“Our action would eliminate around $2 billion in unnecessary costs, which would stimulate around $2.5 billion of additional buildouts,” Pai and other Republican commissioners wrote in the proposal. “And that new service would be deployed where it is needed most — 97 percent of new deployments would be in rural and suburban communities that otherwise would be on the wrong side of the digital divide.”

Municipal governments argue that it is their right to charge fair market rate fees to carriers wanting to install small cells or other physical elements on public infrastructure. Some state governments also feel that the FCC proposal would steamroll legislation that some have already put into place to facilitate 5G small-cell deployment.

The FCC acknowledged that many states (currently more than 20) and localities have “acted to update and modernize their approaches to small cell deployments. They are working to promote deployment and balance the needs of their communities. At the same time, the record shows that problems remain,” The FCC’s proposal also stated that “many state and local officials have urged the FCC to continue our efforts in this proceeding and adopt additional reforms. Indeed, we have heard from a number of local officials that the excessive fees or other costs associated with deploying small scale wireless infrastructure in large or otherwise ‘must serve’ cities are materially inhibiting the buildout of wireless services in their own communities.”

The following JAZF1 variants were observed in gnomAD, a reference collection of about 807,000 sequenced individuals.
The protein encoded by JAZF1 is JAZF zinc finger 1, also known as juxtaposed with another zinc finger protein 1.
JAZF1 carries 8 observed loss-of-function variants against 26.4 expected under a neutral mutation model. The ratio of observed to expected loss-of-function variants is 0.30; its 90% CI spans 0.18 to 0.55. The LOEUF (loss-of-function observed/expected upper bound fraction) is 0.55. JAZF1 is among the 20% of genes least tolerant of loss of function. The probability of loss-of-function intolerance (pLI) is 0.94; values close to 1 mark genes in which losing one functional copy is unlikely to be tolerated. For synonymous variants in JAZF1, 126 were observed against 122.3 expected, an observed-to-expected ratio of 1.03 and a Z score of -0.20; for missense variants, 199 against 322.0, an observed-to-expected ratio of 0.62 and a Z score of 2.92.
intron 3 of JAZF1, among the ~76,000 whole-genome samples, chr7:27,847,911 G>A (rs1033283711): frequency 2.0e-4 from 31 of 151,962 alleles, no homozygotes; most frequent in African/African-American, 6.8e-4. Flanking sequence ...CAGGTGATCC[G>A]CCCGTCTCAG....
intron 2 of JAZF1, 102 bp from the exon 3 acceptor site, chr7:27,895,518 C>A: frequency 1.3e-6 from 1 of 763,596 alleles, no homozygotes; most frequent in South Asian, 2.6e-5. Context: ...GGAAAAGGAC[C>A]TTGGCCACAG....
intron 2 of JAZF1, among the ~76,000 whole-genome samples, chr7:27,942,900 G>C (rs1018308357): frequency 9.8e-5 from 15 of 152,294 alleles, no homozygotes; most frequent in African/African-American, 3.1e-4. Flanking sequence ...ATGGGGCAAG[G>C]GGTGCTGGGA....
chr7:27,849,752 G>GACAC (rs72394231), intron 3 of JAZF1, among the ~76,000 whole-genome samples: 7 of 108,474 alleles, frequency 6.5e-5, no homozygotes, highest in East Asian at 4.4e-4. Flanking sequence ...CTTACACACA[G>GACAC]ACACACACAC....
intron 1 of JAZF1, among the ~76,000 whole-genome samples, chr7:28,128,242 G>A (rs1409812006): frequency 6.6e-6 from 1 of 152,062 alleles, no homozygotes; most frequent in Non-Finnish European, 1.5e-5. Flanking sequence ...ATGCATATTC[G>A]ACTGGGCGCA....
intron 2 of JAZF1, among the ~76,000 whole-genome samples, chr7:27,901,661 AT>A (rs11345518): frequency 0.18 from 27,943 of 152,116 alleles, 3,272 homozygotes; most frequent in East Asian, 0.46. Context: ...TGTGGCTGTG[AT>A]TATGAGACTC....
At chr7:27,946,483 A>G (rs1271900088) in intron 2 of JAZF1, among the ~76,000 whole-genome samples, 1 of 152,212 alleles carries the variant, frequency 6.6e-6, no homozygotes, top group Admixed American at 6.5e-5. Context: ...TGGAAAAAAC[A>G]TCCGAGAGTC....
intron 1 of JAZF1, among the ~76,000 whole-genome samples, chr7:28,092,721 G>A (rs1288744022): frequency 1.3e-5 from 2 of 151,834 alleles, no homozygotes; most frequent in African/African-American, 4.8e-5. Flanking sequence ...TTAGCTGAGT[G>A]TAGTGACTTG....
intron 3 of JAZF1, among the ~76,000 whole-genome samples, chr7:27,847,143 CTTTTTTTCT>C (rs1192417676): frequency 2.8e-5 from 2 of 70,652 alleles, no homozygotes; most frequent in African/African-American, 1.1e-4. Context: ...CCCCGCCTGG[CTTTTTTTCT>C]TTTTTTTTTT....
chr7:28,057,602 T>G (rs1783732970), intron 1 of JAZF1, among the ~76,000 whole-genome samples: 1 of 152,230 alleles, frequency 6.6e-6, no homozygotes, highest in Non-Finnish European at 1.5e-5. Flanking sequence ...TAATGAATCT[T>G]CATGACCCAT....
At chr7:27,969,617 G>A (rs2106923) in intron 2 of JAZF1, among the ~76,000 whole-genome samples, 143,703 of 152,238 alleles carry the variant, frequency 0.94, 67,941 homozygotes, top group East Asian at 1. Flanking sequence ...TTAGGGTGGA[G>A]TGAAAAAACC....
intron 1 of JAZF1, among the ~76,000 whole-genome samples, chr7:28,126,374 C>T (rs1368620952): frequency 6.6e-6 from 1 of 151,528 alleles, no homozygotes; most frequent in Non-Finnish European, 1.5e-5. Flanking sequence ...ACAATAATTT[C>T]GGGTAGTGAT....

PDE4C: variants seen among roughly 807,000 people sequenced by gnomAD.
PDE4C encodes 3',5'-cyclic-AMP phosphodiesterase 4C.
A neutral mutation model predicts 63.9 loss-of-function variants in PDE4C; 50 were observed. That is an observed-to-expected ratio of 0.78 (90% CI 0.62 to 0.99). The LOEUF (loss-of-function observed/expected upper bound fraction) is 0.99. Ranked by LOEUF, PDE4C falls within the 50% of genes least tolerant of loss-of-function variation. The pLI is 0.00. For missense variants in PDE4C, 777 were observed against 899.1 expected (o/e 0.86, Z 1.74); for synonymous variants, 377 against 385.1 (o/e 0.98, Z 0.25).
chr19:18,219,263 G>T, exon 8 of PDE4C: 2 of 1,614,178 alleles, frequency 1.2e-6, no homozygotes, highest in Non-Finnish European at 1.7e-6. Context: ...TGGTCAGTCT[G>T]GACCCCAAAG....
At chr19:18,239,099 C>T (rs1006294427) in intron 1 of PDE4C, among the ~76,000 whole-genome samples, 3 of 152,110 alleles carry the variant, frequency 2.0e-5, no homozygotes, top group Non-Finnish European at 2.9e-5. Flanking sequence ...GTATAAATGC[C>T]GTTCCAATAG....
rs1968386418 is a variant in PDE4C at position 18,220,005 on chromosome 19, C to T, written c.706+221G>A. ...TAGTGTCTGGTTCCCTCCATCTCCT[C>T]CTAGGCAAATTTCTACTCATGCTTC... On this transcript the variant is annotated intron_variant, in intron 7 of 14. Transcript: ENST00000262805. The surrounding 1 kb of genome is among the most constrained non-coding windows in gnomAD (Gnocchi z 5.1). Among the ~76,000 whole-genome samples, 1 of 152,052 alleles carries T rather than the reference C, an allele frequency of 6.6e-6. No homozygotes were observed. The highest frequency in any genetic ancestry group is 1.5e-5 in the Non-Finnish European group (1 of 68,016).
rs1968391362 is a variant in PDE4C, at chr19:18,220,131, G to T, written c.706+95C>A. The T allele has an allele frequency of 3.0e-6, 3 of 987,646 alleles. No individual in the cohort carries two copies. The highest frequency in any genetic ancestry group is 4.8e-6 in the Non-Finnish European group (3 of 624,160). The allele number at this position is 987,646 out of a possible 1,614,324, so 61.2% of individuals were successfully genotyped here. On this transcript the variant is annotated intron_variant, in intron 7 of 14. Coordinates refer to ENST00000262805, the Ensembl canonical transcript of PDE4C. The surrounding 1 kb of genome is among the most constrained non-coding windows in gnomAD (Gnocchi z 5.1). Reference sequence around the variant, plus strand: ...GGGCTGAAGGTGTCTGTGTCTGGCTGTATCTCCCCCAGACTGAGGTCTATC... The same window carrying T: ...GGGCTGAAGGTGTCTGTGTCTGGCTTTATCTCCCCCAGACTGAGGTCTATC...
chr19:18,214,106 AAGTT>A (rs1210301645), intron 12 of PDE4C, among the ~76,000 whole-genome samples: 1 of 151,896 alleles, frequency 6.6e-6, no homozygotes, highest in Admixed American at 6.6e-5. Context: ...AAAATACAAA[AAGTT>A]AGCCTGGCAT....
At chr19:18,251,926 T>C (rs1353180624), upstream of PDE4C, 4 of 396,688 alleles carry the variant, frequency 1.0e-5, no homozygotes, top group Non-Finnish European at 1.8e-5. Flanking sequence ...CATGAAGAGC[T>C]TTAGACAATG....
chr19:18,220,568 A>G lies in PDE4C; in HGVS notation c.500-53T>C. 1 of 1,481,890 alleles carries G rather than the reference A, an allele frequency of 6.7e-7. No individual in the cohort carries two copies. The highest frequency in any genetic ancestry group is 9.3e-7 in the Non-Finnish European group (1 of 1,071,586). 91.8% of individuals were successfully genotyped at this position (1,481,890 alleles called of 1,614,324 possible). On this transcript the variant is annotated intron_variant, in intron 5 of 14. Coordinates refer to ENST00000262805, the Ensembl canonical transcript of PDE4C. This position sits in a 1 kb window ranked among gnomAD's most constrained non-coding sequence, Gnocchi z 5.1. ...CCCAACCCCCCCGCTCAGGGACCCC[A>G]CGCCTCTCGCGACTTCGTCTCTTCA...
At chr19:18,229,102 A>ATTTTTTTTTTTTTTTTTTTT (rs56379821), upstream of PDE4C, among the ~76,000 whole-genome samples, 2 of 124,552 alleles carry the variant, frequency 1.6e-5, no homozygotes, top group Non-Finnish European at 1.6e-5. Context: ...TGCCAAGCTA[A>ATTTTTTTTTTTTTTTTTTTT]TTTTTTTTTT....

Despite the pitch to rural governments, not all of the beneficiaries here are on board with the FCC’s plan. Last week, Paul Smith, Vice President of Governmental Affairs for the Rural County Representatives of California (RCRC), wrote a letter to the FCC expressing the organization’s concerns with the language of the proposal. Smith wrote that while the RCRC supports policies that close the digital divide, the organization believes that “the proposed language set forth in the Order would actually incentivize increased deployment in already-served, historically high-cost markets.”